The country is two days away from the Union Budget 2014 being presented in the Parliament by a new government that is not saddled with coalition politics. The mandate is unambiguous -- to usher in “acche din” and the expectations are high. Many constituencies are reaching out to the Finance Ministry in a bid to seek an impetus and drivers for growth in specific categories. I speak for the youth and entrepreneurs, perhaps the most under-leveraged assets of the nation.
The large electoral voter turnout this year was fuelled by the youth and first-time voters, lured by a campaign that not only gave them a feeling of hope and change, but made them believe that they were truly involved -- the digital medium playing a big role. Many believe that their participation has made a difference and wish to carry on with increased involvement. The youth have huge expectations. They are a latent powerhouse waiting to unleash their talents in a new powered environment. The focused projections of development by a leader with mass appeal has fuelled this and the appointment of young ministers has added to these expectations further.
Narendra Modi has struck a chord with the youth. He represents independence and the character of a maverick with a purposeful image and someone who takes life on against odds – by default perhaps the subliminal image of an entrepreneur!
Youth and entrepreneurship are often synonymous. They have the spirit to take risks against odds.
Entrepreneurship is generally discouraged in our risk-averse culture. Any young person seeking to set out on his own has to first deal with family pressure – who amongst other reasons perhaps are well aware that it is a hostile environment with numerous challenges to start any business. From registering a firm to seeking legal solutions to getting capital or simply good advice – it’s a minefield, which often breaks the entrepreneurs resolve in the first few stages.
He returns dejectedly either to a relative’s trading business or the safety of a ‘company’ which his family had pushed him to do all along – with 'I told you so’s' being thrown at him. A failed opportunity to unlock the aspirations of the youth to beak their mould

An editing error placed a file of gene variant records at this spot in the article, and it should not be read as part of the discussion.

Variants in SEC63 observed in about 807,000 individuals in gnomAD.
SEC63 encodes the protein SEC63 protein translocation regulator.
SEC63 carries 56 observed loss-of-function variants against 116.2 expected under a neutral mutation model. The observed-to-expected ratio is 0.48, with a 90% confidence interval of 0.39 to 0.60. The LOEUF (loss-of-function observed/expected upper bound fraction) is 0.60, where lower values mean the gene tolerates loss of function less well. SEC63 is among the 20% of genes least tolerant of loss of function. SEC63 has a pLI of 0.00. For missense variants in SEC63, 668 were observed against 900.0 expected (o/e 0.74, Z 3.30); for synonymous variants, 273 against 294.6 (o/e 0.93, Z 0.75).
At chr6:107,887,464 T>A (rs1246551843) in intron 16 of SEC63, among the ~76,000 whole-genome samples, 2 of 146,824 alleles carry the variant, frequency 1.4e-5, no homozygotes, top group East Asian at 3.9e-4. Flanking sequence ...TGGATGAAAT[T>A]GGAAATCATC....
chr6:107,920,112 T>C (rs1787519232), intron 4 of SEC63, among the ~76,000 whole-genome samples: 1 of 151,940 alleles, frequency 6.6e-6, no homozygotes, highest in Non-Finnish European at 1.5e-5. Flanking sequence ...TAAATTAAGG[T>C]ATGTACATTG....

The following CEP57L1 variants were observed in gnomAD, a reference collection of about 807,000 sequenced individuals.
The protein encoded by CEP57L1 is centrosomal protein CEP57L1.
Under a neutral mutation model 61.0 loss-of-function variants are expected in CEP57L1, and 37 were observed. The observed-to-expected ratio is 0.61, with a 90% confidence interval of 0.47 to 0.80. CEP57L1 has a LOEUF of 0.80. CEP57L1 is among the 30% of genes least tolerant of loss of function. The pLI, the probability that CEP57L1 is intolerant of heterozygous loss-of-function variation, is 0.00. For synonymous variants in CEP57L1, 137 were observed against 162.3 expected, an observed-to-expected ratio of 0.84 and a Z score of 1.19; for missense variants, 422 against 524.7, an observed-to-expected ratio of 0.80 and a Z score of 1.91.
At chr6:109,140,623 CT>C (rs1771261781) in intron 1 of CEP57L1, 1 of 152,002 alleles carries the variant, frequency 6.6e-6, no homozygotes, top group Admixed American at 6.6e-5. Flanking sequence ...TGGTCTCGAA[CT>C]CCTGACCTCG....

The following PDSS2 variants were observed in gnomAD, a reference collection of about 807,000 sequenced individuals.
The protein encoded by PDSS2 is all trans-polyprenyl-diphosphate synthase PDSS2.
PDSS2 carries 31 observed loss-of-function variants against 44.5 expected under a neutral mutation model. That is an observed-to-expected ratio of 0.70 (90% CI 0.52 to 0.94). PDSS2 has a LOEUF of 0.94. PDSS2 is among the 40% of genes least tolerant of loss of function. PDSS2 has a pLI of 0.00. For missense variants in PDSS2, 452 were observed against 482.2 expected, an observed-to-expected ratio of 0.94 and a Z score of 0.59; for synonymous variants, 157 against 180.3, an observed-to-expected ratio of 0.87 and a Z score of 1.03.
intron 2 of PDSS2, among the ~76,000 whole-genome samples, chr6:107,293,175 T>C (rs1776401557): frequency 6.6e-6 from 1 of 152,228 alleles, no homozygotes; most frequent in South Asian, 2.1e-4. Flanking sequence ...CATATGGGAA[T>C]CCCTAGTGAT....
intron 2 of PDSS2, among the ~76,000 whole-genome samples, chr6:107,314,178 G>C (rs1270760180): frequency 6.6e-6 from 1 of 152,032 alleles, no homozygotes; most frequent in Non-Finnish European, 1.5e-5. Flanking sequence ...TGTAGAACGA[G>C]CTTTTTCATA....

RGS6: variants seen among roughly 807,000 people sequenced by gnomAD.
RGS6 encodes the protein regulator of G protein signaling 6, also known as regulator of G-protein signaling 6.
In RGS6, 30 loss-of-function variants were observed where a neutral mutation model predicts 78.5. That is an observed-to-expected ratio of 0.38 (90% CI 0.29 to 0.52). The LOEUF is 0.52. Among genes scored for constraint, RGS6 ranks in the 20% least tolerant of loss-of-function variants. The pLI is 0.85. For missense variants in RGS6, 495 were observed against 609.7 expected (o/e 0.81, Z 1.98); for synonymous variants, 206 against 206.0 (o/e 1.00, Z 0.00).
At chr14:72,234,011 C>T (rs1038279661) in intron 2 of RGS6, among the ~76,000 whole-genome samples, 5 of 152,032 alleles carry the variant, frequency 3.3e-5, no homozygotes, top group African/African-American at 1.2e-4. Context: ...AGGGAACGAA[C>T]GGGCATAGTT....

Can this budget recognise entrepreneurship as an industry? Even a mention of entrepreneurship would help. Giving assorted sops or incentives is unlikely to get this kick started. It requires a focused initiative.
Just like IT (Information Technology) was a few years ago, a Ministry of Entrepreneurship would be a magnet not just for India’s untapped talent – but a huge ‘Singapore’ like signal to the world, of India’s radical change in thinking.
There are enough youthful dynamos in the elected MP’s to lead this. Like any new venture, this ‘ministry’ itself could lead from the front in a maverick manner. The ministry could be independent of old shackles. It could lay its own rules and governance & monitoring models for the industry. This itself can contribute significantly the economic matrices.
India is starved of role models for our youth. Involving both recognized achievers and unsung heroes and placing them visibly by itself will be a catalyst to harness and channelize this youthful energy and intent. If such a body is formed, the thoughts and actions will come on their own – weather it is to set up SEZ style “Entrepreneur Parks” or triangulation of national issues with entrepreneurship and funding!
The youth seek only an environment of growth and enablement – they will do the rest!
They wish the election promise script to be expanded.
They believe they have been the architects of this change and now wish to participate in bringing about the “Achhe Din” … at least for themselves!
Sanjeev Malhotra is a serial entrepreneur and founder – Alia Group